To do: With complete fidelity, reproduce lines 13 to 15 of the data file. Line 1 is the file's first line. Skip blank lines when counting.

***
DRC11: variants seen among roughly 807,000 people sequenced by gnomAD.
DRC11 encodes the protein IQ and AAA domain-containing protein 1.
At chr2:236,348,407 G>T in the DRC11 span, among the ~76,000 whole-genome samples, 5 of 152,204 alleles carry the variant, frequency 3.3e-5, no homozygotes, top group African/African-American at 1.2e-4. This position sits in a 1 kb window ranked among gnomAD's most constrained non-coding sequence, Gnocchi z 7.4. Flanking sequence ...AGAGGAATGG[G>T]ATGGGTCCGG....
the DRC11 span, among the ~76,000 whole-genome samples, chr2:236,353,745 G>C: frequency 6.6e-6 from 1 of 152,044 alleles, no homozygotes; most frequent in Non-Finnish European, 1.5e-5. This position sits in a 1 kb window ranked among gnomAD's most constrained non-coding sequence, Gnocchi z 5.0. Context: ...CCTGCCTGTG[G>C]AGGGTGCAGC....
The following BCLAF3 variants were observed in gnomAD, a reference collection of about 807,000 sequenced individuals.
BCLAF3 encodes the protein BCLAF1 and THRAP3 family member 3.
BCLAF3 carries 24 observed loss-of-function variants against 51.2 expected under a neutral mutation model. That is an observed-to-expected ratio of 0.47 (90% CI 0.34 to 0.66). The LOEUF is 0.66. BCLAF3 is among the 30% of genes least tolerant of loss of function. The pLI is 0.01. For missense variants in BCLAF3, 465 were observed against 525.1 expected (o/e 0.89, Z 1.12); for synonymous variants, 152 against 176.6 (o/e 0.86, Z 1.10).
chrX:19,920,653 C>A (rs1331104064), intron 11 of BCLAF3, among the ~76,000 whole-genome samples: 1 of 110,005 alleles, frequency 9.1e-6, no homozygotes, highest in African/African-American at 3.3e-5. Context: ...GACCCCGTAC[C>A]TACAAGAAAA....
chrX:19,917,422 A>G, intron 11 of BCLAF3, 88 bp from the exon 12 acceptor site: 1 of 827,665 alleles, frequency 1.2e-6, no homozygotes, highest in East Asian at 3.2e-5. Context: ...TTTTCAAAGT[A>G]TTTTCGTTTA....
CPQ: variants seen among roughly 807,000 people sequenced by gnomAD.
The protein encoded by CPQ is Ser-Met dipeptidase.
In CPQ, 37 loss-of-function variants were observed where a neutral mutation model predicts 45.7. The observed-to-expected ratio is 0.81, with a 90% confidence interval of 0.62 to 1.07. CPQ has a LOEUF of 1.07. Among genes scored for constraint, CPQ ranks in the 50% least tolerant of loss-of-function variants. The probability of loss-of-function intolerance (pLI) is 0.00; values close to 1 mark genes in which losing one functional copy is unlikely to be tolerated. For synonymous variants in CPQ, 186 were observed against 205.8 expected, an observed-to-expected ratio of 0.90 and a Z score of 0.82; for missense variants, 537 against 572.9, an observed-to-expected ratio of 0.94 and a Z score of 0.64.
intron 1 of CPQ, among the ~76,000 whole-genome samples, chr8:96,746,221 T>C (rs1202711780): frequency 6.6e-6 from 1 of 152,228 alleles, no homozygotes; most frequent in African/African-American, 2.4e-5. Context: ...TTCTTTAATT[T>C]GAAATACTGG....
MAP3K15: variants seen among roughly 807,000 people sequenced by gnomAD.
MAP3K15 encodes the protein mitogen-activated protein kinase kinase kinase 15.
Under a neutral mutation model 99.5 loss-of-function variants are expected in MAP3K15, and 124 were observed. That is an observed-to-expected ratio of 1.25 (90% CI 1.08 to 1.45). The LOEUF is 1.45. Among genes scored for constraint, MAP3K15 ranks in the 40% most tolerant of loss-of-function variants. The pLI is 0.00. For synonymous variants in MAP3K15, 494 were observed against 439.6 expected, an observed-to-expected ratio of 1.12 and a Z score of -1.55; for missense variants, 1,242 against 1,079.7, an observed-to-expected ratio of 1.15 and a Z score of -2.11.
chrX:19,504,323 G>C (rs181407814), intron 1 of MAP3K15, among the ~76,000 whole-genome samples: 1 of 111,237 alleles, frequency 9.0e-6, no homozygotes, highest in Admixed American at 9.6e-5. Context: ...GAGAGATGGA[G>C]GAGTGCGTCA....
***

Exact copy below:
intron 1 of CPQ, among the ~76,000 whole-genome samples, chr8:96,746,221 T>C (rs1202711780): frequency 6.6e-6 from 1 of 152,228 alleles, no homozygotes; most frequent in African/African-American, 2.4e-5. Context: ...TTCTTTAATT[T>C]GAAATACTGG....
MAP3K15: variants seen among roughly 807,000 people sequenced by gnomAD.
MAP3K15 encodes the protein mitogen-activated protein kinase kinase kinase 15.